The present application is a continuation-in-part of international application PCT/US2010/049111, “Artificial Meniscal Implants,” filed on Sep. 16, 2010, which international application claims priority to U.S. Application 61/243,660, “Artificial Meniscal Implants,” filed on Sep. 18, 2009. The present application also claims priority to U.S. Application 61/594,551, “Aligned Fibrous Materials With Spatially Varying Fiber Orientation And Related Methods,” filed on Feb. 3, 2012. All of the foregoing applications are incorporated herein by reference in their entireties for any and all purposes.
This work was supported by the National Institutes of Health (grant no. R01 AR056624) and by the Department of Veterans Affairs (grant no. I01RX000174). The government has rights in this invention.
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The present disclosure relates to the fields of biocompatible implant materials and to biocompatible polymer fibers.
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The menisci are crescent-shaped fibrocartilaginous tissues that function to transmit and distribute loads between the femur and tibia of the knee joint. As such, the meniscus experiences complex loads, including tension, compression, and shear. Meniscus function in tension arises from an organized microstructure—bundles of highly aligned collagen circumnavigate the tissue between insertion sites on the tibial plateau. These aligned collagen bundles endow the tissue with mechanical properties that are highly anisotropic, and highest in the primary collagen orientation. Existing meniscus replacement materials, however, lack this unique structure and organization.
It is also known that load bearing fibrocartilaginous tissues of the musculoskeletal system, including the knee meniscus and the annulus fibrosus (AF) of the intervertebral disc, are prone to failure and have a limited reparative capacity once damaged. Both tissues are ordered hierarchical laminates: the knee meniscus has a preponderance of circumferential collagen bundles with interspersed, perpendicularly directed, ‘tie’ fibers, while the AF consists of multiple alternating layers of oriented (+/−about 30°) collagen fibers that form an angle-ply structure. The mechanical function of both tissues arises at least in part from this underlying fibrous architecture.
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To address engineering the meniscus and other fibrous tissues, presented here are aligned nanofibrous scaffolds that can recapitulate this mechanical anisotropy. In natural tissues, fibers within the native tissue have a pronounced c-shaped, or otherwise angled, macroscopic organization. To replicate this macroscopic change in organization over the anatomic size of the meniscus, presented here is an electrospinning method that collects organized fibers on a spinning disc or other mandrel.
This disclosure also presents data concerning the structure and mechanics of nanofibrous scaffolds collected using this novel technique, as compared to compare to aligned scaffolds obtained from a traditional electrospinning approach. Without being bound to any particular theory, one may hypothesize that these circumferentially aligned (CircAl) scaffolds would behave similarly to linearly aligned (LinAl) scaffolds on short length scales, but exhibit marked differences in mechanics as the length scale increased.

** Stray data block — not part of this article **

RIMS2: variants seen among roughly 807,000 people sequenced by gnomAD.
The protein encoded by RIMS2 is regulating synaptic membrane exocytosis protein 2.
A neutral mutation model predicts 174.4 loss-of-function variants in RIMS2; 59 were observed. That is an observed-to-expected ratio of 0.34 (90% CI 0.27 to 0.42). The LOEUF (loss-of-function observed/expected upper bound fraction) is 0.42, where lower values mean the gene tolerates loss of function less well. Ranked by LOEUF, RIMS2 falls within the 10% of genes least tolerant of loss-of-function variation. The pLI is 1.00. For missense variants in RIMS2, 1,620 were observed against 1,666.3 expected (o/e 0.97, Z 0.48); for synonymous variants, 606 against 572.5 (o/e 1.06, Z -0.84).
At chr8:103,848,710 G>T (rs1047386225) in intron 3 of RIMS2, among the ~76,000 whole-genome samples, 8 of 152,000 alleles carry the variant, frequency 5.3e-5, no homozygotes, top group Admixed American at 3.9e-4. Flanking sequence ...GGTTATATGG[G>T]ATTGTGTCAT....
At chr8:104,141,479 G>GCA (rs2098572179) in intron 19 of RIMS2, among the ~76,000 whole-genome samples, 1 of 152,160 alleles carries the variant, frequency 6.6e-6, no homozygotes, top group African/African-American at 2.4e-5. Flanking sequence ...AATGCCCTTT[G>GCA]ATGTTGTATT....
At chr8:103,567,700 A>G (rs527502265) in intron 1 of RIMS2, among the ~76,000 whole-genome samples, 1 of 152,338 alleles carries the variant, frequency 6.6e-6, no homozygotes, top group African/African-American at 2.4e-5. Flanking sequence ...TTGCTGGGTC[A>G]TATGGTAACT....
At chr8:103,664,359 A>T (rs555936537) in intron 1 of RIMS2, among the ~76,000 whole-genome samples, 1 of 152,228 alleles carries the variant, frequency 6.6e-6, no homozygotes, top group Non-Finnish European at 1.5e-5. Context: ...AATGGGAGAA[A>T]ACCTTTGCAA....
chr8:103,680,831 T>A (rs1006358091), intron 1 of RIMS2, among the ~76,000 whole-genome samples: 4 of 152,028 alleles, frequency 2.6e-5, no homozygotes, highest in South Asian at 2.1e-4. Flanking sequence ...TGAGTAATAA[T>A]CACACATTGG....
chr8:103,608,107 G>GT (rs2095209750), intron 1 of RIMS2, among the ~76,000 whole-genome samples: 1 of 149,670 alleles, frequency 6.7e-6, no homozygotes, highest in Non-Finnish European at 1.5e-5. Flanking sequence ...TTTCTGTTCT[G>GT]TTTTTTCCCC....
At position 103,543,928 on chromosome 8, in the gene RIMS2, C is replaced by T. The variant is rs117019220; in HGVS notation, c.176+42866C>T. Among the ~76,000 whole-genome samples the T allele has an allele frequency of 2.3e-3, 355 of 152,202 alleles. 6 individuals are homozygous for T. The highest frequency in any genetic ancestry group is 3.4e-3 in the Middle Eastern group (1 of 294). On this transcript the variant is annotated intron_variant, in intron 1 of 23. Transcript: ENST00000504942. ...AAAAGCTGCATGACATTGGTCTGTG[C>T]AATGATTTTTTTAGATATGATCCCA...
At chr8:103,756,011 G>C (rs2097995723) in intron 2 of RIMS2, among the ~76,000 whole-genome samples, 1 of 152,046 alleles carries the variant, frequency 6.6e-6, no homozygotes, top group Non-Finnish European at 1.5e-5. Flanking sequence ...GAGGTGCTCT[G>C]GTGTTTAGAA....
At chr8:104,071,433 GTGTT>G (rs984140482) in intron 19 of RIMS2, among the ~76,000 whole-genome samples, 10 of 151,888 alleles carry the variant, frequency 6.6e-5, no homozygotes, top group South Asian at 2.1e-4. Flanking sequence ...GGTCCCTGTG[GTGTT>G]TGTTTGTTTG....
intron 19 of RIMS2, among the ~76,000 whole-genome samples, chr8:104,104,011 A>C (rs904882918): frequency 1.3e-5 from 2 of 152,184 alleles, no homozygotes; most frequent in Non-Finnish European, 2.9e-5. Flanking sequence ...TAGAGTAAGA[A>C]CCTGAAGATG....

This disclosure presents aligned nanofibrous scaffolds (formable from a variety of polymers) that can mimic the order of these native tissues, and direct cell and matrix organization with in vitro culture. Also disclosed are constructed biologic laminates, in which scaffold layers are fused with one another through cell mediated matrix-deposition with appositional culture. In some embodiments, the tensile characteristics of the scaffold may replicate those of a mammalian knee menisus. Since the materials of construction in some cases exhibit non-linear stress responses to strain and/or are biodegrade or bioerode when subjected to physiological fluids under physiological conditions, and the scaffold may continue to provide tensile support during this period of biodegradation or bioerosion over a range of strain conditions, it is often useful to characterize the scaffold in terms of these parameters. That is, in various embodiments, a material (e.g., a scaffold) according to the present disclosure exhibits an overall circumferential modulus that is in the range of about 10 MPa to about 200 MPa, preferably at least about 20 MPa, more preferably at least about 40 MPa, still more preferably at least about 60 MPa, and most preferably at least about 80 MPa, at a strain region of about 10%, and/or an overall circumferential modulus in the range of about 5 to about 60 MPa, preferably at least 10 MPa, more preferably at least 20 MPa, and most preferably about 30-35 MPa, at a strain region of about 3%, and these properties are either retained or developed when the scaffold is subjected to physiological implant conditions for time sufficient to allow cell infiltration and meniscal healing, during and after which the components of the matrix are dissolved, bioeroded, or biodegraded into the patient. Preferably the modulus of the scaffold, after exposure to physiological fluids under physiological conditions, retains at least about 60% of its value after 7 days, and more preferably at least about 50% of its value after 60 days. In order to retain these modulus levels this invention also provides that the scaffolds have correspondingly, proportionately higher initial values. Unless otherwise stated herein, any reference to a specific target modulus is intended to reflect an initial value (i.e., before biodegradation or bioerosion and the changes in mechanical properties that develop as cells infiltrate and deposit new, load-bearing extracellular matrix within the scaffold substance). It should be understood that any and all mechanical characterizations or properties of materials set forth in international application PCT/US2010/049111 may apply to the materials disclosed herein.